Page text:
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Implementation of the EU Whistleblowing Directive in Germany: latest position


Man whistleblowing

As per our previous blog post, very few members of the European Union managed to implement the provisions of the Whistleblowing Directive into their national legislation before the 17 December 2021 deadline for compliance. Germany is one of the countries that failed to meet the deadline, but as in a number of other EU countries, progress is now being made in relation to this.

In mid-April this year, the Federal Ministry of Justice published a draft bill – the Whistleblower Protection Act (Hinweisgeberschutzgesetz / HinSchG) – which should be in place by the Autumn. Its aim is to expand the protection for whistleblowers, which is currently considered insufficient by both EU and German legislators.

Key provisions

The key provisions of the draft bill are:

  • The HinSchG obliges all companies with at least 50 employees to establish internal reporting channels for disclosures of wrongdoing. Some sectors will be required to have them irrespective of the number of employees, e.g. financial institutions and insurance companies.  The HinSchG does not prescribe the form of the internal reporting channel in detail. Instead, how it should be designed depends on the organisational structure and the size and type of activity of the respective company, allowing for some level of proportionality in the process. However, the person performing the task of receiving and investigating disclosures must in all cases be able to act independently. To that end, it should be possible under the draft bill to outsource the management of internal reporting channels to third parties such as lawyers or auditors. The German legislator has stated that, in the context of corporate groups, the parent company or a subsidiary can be considered a third party for these purposes. However, as the European Commission recently stated that the outsourcing of the internal reporting channel to a central group is not compliant with the requirements of the Whistleblowing Directive, it is likely that this provision will either be knocked out before the legislation is passed or challenged afterwards.
  • The HinSchG stipulates that in addition to these internal reporting channels, an external reporting channel must also be established by the federal authorities. Thus, a separate unit is to be created at the Federal Office of Justice (Bundesamt für Justiz), which is responsible for the receipt and processing of reports from whistleblowers. It will serve as a central contact point for whistleblowers, check the validity of whistleblower’s reports as a first step and then initiate further follow-up measures with the employer.
  • Protection under the legislation will be extended to anyone who obtains information about legal violations in the course of their professional activities and reports these via the internal or external reporting channels provided for under the HinSchG. It therefore goes much further than just employees – also to self-employed freelancers, employees of suppliers, employee representatives, candidates, members of executive bodies, external trainers, etc. Companies will therefore have to ensure that internal reporting channels are properly designed to accommodate third parties and anonymous reporting. They should also ensure that they are clearly and transparently advertised so employees and third parties are encouraged to prefer internal reporting channels (at least initially) to reporting directly to the authorities. Furthermore, the protection granted under the HinSchG will include individuals who are the subject of a report as well as other individuals named in a report (e.g. witnesses).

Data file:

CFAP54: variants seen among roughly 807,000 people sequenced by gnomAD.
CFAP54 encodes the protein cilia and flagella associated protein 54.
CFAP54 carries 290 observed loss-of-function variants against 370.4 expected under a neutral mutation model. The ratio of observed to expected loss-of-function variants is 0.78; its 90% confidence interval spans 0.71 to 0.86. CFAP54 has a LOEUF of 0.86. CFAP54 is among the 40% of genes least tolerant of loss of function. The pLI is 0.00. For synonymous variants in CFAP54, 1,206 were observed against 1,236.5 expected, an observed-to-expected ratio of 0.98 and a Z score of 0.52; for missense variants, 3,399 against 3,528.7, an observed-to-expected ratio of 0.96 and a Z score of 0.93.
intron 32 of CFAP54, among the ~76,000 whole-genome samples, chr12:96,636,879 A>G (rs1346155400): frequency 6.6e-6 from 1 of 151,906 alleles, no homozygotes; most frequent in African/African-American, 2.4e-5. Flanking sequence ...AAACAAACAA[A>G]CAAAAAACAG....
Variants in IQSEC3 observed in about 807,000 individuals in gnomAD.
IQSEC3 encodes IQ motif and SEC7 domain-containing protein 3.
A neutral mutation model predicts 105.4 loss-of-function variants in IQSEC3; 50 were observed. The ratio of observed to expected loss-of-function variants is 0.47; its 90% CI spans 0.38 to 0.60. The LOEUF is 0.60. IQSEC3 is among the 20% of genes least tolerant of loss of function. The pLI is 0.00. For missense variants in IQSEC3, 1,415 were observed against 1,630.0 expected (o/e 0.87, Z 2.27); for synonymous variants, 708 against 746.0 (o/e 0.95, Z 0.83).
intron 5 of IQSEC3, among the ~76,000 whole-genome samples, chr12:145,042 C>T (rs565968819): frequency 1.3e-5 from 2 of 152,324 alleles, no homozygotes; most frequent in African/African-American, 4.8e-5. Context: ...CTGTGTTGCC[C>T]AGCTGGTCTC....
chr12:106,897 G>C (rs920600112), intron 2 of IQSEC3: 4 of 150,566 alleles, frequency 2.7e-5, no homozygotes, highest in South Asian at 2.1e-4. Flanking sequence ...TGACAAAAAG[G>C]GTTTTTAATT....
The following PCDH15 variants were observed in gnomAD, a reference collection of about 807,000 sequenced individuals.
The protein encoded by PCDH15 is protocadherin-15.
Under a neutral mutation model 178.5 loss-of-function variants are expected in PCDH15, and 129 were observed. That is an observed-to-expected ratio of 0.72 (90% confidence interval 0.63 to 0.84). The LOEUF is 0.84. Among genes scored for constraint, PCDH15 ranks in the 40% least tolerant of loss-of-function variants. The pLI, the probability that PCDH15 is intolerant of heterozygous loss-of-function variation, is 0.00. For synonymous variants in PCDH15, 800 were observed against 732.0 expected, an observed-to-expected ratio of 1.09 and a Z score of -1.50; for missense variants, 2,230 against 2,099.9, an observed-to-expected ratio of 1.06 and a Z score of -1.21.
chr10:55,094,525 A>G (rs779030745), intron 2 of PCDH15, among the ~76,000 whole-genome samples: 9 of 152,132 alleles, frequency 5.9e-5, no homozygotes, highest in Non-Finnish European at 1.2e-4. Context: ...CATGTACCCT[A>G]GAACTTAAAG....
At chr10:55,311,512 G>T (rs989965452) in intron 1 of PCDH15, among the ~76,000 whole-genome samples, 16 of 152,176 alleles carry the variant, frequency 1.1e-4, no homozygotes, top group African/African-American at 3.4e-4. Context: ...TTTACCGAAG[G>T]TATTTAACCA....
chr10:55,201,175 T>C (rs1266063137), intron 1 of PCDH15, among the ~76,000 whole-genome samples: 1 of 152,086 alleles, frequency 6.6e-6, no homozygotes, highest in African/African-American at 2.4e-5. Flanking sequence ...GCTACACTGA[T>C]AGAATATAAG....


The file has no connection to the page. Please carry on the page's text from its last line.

• The scope of the Whistleblowing Directive has been extended by the German legislator to include reports with regard to all kinds of criminal offences under the HinSchG and reports concerning certain administrative offences.
  • The whistleblower does not have to report clear evidence of a possible breach to gain protection under the legislation. It is sufficient that they present reasonable grounds for suspicion and have sufficient reason to believe (at the time of the report) that the information reported is true.
  • Whistleblowers whose reports fall within the scope of the HinSchG will be protected against any kind of reprisal such as dismissal, warnings, non-renewal of a fixed-term contract, relocation to another department, etc. Any measures taken against an individual which are based on a protected report would be invalid (warning, demotion, dismissal, etc.) and would also entitle the whistleblower to claim damages.

Next steps

  • The current timetable intends enactment by Autumn 2022 at the latest.
  • With regard to the obligation to maintain an internal reporting channel, the HinSchG will allow medium-sized companies (50 to 249 employees) until December 2023 to do this, whereas larger companies will be subject to the new regulations as soon as the legislation enters into force.

We are currently working with a number of German companies and US and UK businesses with operations in Germany to ensure that their whistleblowing policies and procedures are compliant with the likely German requirements. If you would like to discuss the potential implications of the new implementing legislation, please speak to Tanja Weber, Lutz Hoheisel, Dagmar Nolden or Laura Sparschuh in the first instance.



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